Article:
Yamaha FG700S review

  • £195
The FG700S: a quality dreadnought.

MusicRadar Verdict

A highly playable acoustic with a good tone.


  • +

    Easy to play. Even good for barre chords!


  • -

    Identikit looks.

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I'm getting a sense of déjà vu… That's the thing about acoustic guitars - they all tend to look the same. As such, you might be forgiven for taking one look at the Yamaha FG700S and assume you've already been there, played that and bought the T-shirt.

If there's a more traditional looking model on the market than this entry-level dreadnought, we'll eat our pitch pipes.

No-one's pretending the FG700S looks as wild as your BC Rich, but that's not the point. When you sit down with this model you will soon start to appreciate why it deserves your attention.

Yamaha acoustics are all about providing the best playing experience and tone for the lowest possible price. That may not sound sexy, but our rendition of More Than Words certainly did.


So what do I get for my wad? Well, the Yamaha FG700S is a Chinese-made dreadnought with a solid spruce top and a deep hourglass body made from nato mahogany.

The neck is made of nato, too. It's attached to the body via a dovetail joint and topped with a rosewood fingerboard featuring the smallest fret inlays.

An unobtrusive rosette adorns the soundhole, and the sultry chocolate pickguard is as sexy as they come. Cast your eyes up the neck and you'll find a traditional three-a-side headstock with die-cast chrome hardware.

It was a breeze to tune this guitar to pitch and we didn't find ourselves constantly tweaking it after string bends or aggressive strum sessions, either.

Elsewhere, this guitar boasts the kind of build we have come to expect from Yamaha. This manufacturer has always paid attention to the little things, and the fact that this is the cheapest model in the FG range hasn't seen Yamaha spare the sandpaper.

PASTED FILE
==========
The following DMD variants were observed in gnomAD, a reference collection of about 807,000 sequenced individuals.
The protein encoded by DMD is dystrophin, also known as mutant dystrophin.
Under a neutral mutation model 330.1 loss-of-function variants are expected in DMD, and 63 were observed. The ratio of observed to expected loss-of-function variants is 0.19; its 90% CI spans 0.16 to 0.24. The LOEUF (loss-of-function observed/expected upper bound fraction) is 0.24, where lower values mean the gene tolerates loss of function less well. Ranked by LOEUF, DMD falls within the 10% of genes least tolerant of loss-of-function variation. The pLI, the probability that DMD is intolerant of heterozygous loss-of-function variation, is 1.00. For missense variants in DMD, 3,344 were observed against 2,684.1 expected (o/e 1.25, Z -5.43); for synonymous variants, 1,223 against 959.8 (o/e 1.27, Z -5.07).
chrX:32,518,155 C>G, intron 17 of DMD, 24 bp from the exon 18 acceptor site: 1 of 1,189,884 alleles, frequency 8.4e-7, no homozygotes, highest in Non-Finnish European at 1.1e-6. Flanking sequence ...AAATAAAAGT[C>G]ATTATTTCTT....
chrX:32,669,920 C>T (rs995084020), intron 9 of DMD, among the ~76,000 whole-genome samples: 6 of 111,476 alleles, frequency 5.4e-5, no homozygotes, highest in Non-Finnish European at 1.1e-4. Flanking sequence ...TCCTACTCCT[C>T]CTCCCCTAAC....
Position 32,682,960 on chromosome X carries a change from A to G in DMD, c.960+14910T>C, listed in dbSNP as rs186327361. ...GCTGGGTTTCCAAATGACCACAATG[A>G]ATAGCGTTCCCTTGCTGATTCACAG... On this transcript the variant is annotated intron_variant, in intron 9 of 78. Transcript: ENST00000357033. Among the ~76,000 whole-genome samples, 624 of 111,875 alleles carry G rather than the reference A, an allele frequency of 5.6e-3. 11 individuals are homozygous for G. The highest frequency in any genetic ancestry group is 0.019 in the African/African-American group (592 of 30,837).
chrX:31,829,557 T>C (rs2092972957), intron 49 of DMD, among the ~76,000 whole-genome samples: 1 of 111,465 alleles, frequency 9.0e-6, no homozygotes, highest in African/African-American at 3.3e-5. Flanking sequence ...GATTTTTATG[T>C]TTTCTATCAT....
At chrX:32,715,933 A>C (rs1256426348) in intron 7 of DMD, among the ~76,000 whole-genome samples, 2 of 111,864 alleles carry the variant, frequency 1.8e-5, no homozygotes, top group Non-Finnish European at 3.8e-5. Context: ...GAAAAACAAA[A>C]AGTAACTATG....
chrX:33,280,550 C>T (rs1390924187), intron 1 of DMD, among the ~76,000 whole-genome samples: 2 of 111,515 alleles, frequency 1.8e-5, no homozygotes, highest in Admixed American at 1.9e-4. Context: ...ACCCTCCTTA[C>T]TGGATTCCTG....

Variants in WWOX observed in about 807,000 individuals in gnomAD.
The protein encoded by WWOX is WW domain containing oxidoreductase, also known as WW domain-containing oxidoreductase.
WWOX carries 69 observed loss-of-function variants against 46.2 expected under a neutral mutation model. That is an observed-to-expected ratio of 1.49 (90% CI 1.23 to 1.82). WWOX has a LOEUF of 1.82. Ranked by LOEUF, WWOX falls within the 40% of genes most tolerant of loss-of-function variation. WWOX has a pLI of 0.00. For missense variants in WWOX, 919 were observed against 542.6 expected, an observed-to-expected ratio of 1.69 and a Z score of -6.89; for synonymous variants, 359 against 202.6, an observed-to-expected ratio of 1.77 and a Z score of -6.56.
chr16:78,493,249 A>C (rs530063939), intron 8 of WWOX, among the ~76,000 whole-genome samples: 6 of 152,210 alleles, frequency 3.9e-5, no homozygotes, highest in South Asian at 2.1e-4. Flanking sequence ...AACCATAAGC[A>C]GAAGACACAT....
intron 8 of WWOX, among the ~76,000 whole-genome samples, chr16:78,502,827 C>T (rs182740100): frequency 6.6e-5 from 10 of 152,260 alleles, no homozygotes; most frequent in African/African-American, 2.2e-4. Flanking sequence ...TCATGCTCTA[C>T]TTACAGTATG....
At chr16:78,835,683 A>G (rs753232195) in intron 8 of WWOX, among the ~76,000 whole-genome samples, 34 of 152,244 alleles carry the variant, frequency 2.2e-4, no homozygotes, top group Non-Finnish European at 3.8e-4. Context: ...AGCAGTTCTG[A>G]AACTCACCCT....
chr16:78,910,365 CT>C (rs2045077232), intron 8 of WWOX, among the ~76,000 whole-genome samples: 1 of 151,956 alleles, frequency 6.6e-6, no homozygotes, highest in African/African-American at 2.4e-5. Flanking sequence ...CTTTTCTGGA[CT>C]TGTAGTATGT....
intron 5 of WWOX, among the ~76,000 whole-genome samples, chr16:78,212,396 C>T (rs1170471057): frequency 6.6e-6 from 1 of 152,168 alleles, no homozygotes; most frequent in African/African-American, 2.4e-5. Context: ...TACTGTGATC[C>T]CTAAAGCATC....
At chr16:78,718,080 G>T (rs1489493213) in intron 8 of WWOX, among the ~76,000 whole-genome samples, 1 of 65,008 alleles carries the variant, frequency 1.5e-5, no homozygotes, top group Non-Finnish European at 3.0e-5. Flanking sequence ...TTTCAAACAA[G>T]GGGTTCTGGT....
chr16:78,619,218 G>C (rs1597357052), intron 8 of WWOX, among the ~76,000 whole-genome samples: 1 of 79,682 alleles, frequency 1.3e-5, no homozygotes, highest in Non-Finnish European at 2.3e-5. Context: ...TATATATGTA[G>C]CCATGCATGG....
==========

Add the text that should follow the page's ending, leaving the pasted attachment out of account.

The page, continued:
So far, so good, then. They sound like decent materials… It's a great spec sheet for the price. While this does mean it will take a short period for the guitar's tone to 'bed in,' it should deliver a more characterful voice than its laminate equivalent and sweeten over time.

That aside, the combination of spruce and mahogany is a dues-paying partnership that is often used on acoustics, thanks to the balance it strikes between warmth and bite.

Rosewood is the most common material used for fingerboards, meanwhile, and shouldn't trouble anyone's fingertips. How does it feel?

In use

According to acoustic guitar propaganda, there's nothing more relaxing than sitting around strumming Wonderwall on your dreadnought.

In reality, there are plenty of models whose necks have made barre chords a living hell. Compared to an electric, it can be hard to muster the requisite pressure to make your riffs ring out, and that's why the Yamaha FG700S made such an impression on us.

Yamaha's blurb is quick to point out that this model has a slimmer neck than most, and the difference won't be lost on you when you try some finger-twisting Nick Drake licks.

This is how playing an acoustic should feel, but so rarely does. It's effortless, despite the fairly hefty body size, and doesn't make you sweat to dig out the (considerable) volume. Can it cope with more than strumming?

Try playing anything other than open chords on many acoustic guitars and you will be rewarded with muffled notes and rattling strings. By contrast, the FG700S always encourages you to push yourself.

Admittedly, its lack of cutaways means the top frets are more for show than practical use, but the fretboard is welcoming enough to cater for fluid slides and moderate bends. Using your fingers feels just as natural as digging in with a pick, and both techniques supply the same authoritative level of natural volume.

So is it warm or jangly? There's a natural tendency towards the jangly side of things - fingerpicking through the strings is a particular pleasure - but much of the FG700S' tone hinges on how you play it.

Plucking with fingernails nearer the bridge supplies the snap and pop of a Turin Brakes solo, while picking out basslines over the soundhole with your thumb brings in a more rounded tone that will appeal to country and folk players.

We also felt this guitar lent itself particularly well to capo'd voicings, coaxing out the maximum Johnny Marr factor into an already shimmering tone.

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